Friday, April 3, 2009


House Sparrow shadows on giant bird of paradise leaf.

House Sparrows looking for crumbs at an outdoor cafe where I had lunch.

Entrance to the Bird Hall at the museum.

Great diorama of a Goshawk going after some quail.

The cryptic plumage of the Common Poorwill is well illustrated here. It shows why it is often difficult to spot these birds in the wild.

Close-up of Brown Pelican, in breeding plumage.

Close-up of Western Grebe

American Kestrel.

Barn Owl

Great-horned Owl
Recently I went to the Santa Barbara natural History Museum to see their new renovated bird hall. I had fond memories of this exhibit from when I was a kid, as it allowed me to see birds up close and birds that up until now I hadn’t seen before. Although I am not a big fan of capturing and/or killing birds for any reason, I am coming to realize that doing so is important to ornithological studies. And I also know that from the late 19th century to the present, most museum specimens come from people bringing in dead birds. There is a constant controversy raging among birders as to whether collecting specimens should be allowed again, as the value of studying them in the face of climate change, pollution, etc. is invaluable, because they need modern specimens to compare with older specimens.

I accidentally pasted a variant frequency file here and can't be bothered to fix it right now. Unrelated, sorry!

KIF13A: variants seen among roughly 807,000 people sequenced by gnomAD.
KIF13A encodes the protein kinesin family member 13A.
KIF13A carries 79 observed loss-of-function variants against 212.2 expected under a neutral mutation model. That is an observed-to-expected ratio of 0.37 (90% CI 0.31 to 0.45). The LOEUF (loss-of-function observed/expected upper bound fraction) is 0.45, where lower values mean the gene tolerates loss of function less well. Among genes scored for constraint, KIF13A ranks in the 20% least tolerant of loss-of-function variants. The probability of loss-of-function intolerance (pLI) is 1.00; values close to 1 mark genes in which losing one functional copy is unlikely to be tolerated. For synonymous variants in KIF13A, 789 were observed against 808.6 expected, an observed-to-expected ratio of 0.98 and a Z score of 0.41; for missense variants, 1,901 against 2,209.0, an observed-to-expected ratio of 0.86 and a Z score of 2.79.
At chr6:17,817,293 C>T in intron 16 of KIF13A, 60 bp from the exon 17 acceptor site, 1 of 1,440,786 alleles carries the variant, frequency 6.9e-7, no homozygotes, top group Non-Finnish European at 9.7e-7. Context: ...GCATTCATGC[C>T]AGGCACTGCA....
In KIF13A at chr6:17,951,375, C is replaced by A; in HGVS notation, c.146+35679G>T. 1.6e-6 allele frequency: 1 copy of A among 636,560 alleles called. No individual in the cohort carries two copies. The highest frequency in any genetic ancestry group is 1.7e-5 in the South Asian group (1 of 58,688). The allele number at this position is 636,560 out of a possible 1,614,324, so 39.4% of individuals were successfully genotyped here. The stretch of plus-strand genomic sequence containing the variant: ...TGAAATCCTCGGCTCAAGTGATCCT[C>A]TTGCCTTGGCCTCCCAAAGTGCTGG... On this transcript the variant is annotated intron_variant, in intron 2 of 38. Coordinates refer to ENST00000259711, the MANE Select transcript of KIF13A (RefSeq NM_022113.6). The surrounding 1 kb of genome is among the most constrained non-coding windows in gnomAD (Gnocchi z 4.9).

The new bird hall is stunningly beautiful and they have cleaned and restored the birds to amazing beauty. The few habitat dioramas have also been cleaned up and they create a nice picture of some bird environments. Also included is two large display cases filled with bird nests and eggs; it is a neat way to illustrate how carefully (and beautifully) birds construct their nests.
I've been drawing more birds lately and have been having difficulty finding close-up photos of bird's eyes, so the museum was great for that. I was able to take a lot of photos for reference. It is also neat to be able to see the pattern and coloring of the feathers and how they lay on the bird--something not so easy to do when looking at them through binoculars while their hopping around!

I highly recommend a visit to this hidden treasure of a museum, tucked behind the Santa Barbara Mission and on the edge of a lovely old residential neighborhood. The grounds are nestled in an old oak forest and landscaped with many native plants. Down behind the museum you can cross a bridge over Mission Creek (filled with trout and frogs) sit in a lovely native garden or walk the short nature trail.

On my visit the trees were filled with migrating warblers (Townsend’s, Audubon’s, and Orange-crowned), Oak Titmouse, Dark-eyed Junco, Scrub Jay, and Pacific-slope Flycatcher. It was late afternoon when I was leaving and the trout were rising in the creek, leaving rings on the still pools, rippling through the reflection of the oaks towering overhead.

A delightful way to spend an afternoon!

[composed while listening to Tangerine Dream “Force Majeure”—an electronic treasure from the 70s]